Morning Report: 3 January 2017

3rd January 2017 By: Ranko Berich

GBP The new year has begun and broad volatility comes back to financial markets. Levels of activity fell beyond usual standards during the Christmas and end of the year holidays, reflected amid extremely thin liquidity volumes. Sterling is strengthening this morning against most crosses after the manufacturing sector grew in December at the highest pace since June 2014 (UK Manufacturing PMI was 56.1 vs 53.3 expected). Sterling’s depreciation after the referendum has boosted competitiveness. However, the lower sterling is also expected to fuel inflation in 2017. This has already been reflected in production costs and output prices, which rose for an 8th consecutive month in December. The construction PMI tomorrow, and the Services PMI on Thursday complete the UK’s economic picture at the end of last year, although markets will remain cautious ahead of the Supreme Court’s final decision as to whether the British Parliament has to decide on Brexit negotiations or not.

EUR The euro’s been on a bumpy ride the last few days, rallying towards the end of the year and falling sharply on the first trading day of 2017. The drop seems to be somewhat unsupported by today’s macro data. The latest French and German manufacturing PMIs showed the highest readings since June 2011 and July 2014 respectively, whilst the Spanish and Italian readings also showed better-than-expected growth. The eurozone’s manufacturing sector appears to be consolidating its growth, favoured for the lower euro. China and various Middle East countries are demanding large amounts of European products, as the euro area current account shows. The eurozone’s economic picture in December is completed later this week with the release of the Services PMIs. German and French inflation data is also published tomorrow.

USD The USD is advancing on the first trading day of the year against most of the G10 currencies, with the exception of some commodity based currencies such as CAD and AUD. US financial markets start the year facing a number of uncertain outcomes, particularly the transition that takes place in the Oval office. Markets, so far, have reacted to Trump’s election in a decidedly bullish manner, but the current optimism in US indexes suggests that they have perhaps become too much so. We believe uncertainty could start to be seen in markets, and the dollar, across the next few weeks as Donald Trump takes the Oath of Office towards the end of the month. In the meanwhile, Markit and ISM publish December’s manufacturing and services PMIs figures this week alongside the FOMC’s latest meeting minutes, where the Fed hiked rates for the second time in nearly a decade. Non-Farm payrolls data on Friday completes this week’s economic data.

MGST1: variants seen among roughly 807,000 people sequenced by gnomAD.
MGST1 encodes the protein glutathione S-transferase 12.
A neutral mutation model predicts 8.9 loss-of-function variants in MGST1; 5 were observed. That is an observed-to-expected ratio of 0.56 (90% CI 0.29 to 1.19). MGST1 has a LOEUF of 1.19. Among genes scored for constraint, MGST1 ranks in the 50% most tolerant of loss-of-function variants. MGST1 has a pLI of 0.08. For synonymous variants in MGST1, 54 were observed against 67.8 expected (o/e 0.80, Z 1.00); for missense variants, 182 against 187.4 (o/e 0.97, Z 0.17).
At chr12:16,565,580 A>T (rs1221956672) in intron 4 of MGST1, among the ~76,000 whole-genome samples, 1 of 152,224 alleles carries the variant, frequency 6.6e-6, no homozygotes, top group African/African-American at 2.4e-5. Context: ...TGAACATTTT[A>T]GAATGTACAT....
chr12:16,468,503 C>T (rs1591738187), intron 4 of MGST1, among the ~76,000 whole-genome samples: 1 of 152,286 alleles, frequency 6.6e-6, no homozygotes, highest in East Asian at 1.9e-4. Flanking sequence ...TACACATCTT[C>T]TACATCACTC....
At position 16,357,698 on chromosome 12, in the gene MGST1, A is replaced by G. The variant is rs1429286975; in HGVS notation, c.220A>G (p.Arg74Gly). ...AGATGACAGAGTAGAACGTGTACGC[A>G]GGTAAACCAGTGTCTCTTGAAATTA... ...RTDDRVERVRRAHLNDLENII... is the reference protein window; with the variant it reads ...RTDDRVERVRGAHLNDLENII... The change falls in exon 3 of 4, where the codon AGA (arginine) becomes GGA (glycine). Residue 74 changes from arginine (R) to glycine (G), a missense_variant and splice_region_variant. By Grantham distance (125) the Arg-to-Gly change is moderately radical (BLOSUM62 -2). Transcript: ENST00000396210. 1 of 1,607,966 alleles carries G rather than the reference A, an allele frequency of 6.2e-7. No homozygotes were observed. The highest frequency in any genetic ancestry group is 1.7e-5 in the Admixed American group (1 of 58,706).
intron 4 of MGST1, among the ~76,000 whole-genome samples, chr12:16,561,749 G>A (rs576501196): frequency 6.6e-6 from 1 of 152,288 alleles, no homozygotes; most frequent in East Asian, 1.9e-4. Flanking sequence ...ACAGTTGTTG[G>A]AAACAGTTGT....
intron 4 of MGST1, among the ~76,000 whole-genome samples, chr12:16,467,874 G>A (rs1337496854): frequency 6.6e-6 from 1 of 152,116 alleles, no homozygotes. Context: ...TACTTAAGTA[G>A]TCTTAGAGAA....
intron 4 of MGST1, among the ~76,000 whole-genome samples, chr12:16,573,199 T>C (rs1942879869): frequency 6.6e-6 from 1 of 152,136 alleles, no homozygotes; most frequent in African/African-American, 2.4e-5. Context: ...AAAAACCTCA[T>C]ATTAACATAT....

CAD The loonie is strengthening since mid-last week, favoured by crude oil prices consolidating above $53/barrel, which today hit a new 17-month highs. Oil traders comment that OPEC countries are responding well to the agreed oil production cut announced last month, with Kuwait implementing cuts and Oman expected to follow suit. Kuwait has cut production by 130.000 barrels/day to 2.75M b/d, and Oman is expected to reduce output to 970.000 b/d this month. Canada’s economic data this week includes labour market figures on Friday.

UK News

  • UK manufacturing activity hits highest since June 2014 – FT. A stellar end to the year for British manufacturers. UK factories enjoyed their best month in two and a half years in December, according to a key survey of the country’s private sector firms which showed evidence of soaring new orders, helped along by a weaker pound.
  • UK business morale hits 18-month high, but outlook murky – Reuters. Morale in large British companies hit an 18-month high in the fourth quarter, bolstered by robust economic growth and recovering fully from a slump that followed the Brexit vote, a survey showed on Thursday. However, uncertainty about Britain’s divorce from the European Union meant businesses were still loath to increase investment spending, according to Deloitte’s quarterly survey of chief financial officers (CFOs) at major British firms.
  • Weaker pound expected to reduce immigration – FT. Immigration to the UK may fall from its near record high in 2016 as the weakness of sterling, anti-immigrant rhetoric and uncertainty about the future makes the UK a less attractive destination for EU migrants, economists predict in the FT’s annual survey. Net migration to the UK was at a near record level of 335,000 in the year to June 2016. Economists expect migration to remain high in 2017 but, on balance, predict a small fall.